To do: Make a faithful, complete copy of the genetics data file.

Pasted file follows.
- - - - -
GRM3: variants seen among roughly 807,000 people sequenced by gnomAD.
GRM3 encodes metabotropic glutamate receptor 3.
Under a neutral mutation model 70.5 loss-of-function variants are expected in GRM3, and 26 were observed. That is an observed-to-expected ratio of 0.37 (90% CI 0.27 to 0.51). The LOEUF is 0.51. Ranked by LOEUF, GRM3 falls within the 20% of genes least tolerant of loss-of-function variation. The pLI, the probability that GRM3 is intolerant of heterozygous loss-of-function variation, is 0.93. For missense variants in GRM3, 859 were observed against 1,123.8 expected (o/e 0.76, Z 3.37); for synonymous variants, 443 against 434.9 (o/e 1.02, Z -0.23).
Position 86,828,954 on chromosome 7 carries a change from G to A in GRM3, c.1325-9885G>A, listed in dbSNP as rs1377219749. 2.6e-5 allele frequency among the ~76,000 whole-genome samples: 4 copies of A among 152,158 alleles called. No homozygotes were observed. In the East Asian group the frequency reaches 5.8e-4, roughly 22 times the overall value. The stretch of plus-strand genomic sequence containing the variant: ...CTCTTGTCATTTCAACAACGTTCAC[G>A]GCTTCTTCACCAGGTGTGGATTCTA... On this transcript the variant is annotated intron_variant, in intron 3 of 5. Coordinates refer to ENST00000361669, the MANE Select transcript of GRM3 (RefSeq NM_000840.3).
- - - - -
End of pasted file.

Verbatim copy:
GRM3: variants seen among roughly 807,000 people sequenced by gnomAD.
GRM3 encodes metabotropic glutamate receptor 3.
Under a neutral mutation model 70.5 loss-of-function variants are expected in GRM3, and 26 were observed. That is an observed-to-expected ratio of 0.37 (90% CI 0.27 to 0.51). The LOEUF is 0.51. Ranked by LOEUF, GRM3 falls within the 20% of genes least tolerant of loss-of-function variation. The pLI, the probability that GRM3 is intolerant of heterozygous loss-of-function variation, is 0.93. For missense variants in GRM3, 859 were observed against 1,123.8 expected (o/e 0.76, Z 3.37); for synonymous variants, 443 against 434.9 (o/e 1.02, Z -0.23).
Position 86,828,954 on chromosome 7 carries a change from G to A in GRM3, c.1325-9885G>A, listed in dbSNP as rs1377219749. 2.6e-5 allele frequency among the ~76,000 whole-genome samples: 4 copies of A among 152,158 alleles called. No homozygotes were observed. In the East Asian group the frequency reaches 5.8e-4, roughly 22 times the overall value. The stretch of plus-strand genomic sequence containing the variant: ...CTCTTGTCATTTCAACAACGTTCAC[G>A]GCTTCTTCACCAGGTGTGGATTCTA... On this transcript the variant is annotated intron_variant, in intron 3 of 5. Coordinates refer to ENST00000361669, the MANE Select transcript of GRM3 (RefSeq NM_000840.3).